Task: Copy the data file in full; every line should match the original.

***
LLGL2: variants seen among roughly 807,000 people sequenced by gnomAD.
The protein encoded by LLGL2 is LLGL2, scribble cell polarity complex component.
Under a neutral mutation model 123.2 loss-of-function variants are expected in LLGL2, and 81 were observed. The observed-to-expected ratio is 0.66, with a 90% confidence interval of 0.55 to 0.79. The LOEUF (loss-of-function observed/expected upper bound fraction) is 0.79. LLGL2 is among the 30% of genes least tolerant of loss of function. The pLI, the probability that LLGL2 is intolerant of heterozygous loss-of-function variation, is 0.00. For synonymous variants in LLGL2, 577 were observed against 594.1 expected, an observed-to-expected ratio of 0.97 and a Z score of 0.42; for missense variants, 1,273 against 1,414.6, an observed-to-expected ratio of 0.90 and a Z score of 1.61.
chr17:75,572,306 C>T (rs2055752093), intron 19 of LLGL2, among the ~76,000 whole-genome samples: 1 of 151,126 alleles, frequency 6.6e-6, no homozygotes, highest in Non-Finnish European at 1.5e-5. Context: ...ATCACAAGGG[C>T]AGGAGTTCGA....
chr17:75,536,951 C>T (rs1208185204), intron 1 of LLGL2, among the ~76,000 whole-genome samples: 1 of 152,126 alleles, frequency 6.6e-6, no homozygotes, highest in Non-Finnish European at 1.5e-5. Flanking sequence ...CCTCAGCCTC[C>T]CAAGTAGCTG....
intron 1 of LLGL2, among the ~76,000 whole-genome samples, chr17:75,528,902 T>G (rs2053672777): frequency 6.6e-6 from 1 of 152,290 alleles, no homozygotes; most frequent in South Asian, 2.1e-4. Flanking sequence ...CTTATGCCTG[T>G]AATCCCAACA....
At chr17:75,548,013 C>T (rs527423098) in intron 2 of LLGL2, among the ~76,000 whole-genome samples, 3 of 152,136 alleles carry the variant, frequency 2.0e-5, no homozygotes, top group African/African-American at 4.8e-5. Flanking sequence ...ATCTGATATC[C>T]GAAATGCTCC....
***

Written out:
LLGL2: variants seen among roughly 807,000 people sequenced by gnomAD.
The protein encoded by LLGL2 is LLGL2, scribble cell polarity complex component.
Under a neutral mutation model 123.2 loss-of-function variants are expected in LLGL2, and 81 were observed. The observed-to-expected ratio is 0.66, with a 90% confidence interval of 0.55 to 0.79. The LOEUF (loss-of-function observed/expected upper bound fraction) is 0.79. LLGL2 is among the 30% of genes least tolerant of loss of function. The pLI, the probability that LLGL2 is intolerant of heterozygous loss-of-function variation, is 0.00. For synonymous variants in LLGL2, 577 were observed against 594.1 expected, an observed-to-expected ratio of 0.97 and a Z score of 0.42; for missense variants, 1,273 against 1,414.6, an observed-to-expected ratio of 0.90 and a Z score of 1.61.
chr17:75,572,306 C>T (rs2055752093), intron 19 of LLGL2, among the ~76,000 whole-genome samples: 1 of 151,126 alleles, frequency 6.6e-6, no homozygotes, highest in Non-Finnish European at 1.5e-5. Context: ...ATCACAAGGG[C>T]AGGAGTTCGA....
chr17:75,536,951 C>T (rs1208185204), intron 1 of LLGL2, among the ~76,000 whole-genome samples: 1 of 152,126 alleles, frequency 6.6e-6, no homozygotes, highest in Non-Finnish European at 1.5e-5. Flanking sequence ...CCTCAGCCTC[C>T]CAAGTAGCTG....
intron 1 of LLGL2, among the ~76,000 whole-genome samples, chr17:75,528,902 T>G (rs2053672777): frequency 6.6e-6 from 1 of 152,290 alleles, no homozygotes; most frequent in South Asian, 2.1e-4. Flanking sequence ...CTTATGCCTG[T>G]AATCCCAACA....
At chr17:75,548,013 C>T (rs527423098) in intron 2 of LLGL2, among the ~76,000 whole-genome samples, 3 of 152,136 alleles carry the variant, frequency 2.0e-5, no homozygotes, top group African/African-American at 4.8e-5. Flanking sequence ...ATCTGATATC[C>T]GAAATGCTCC....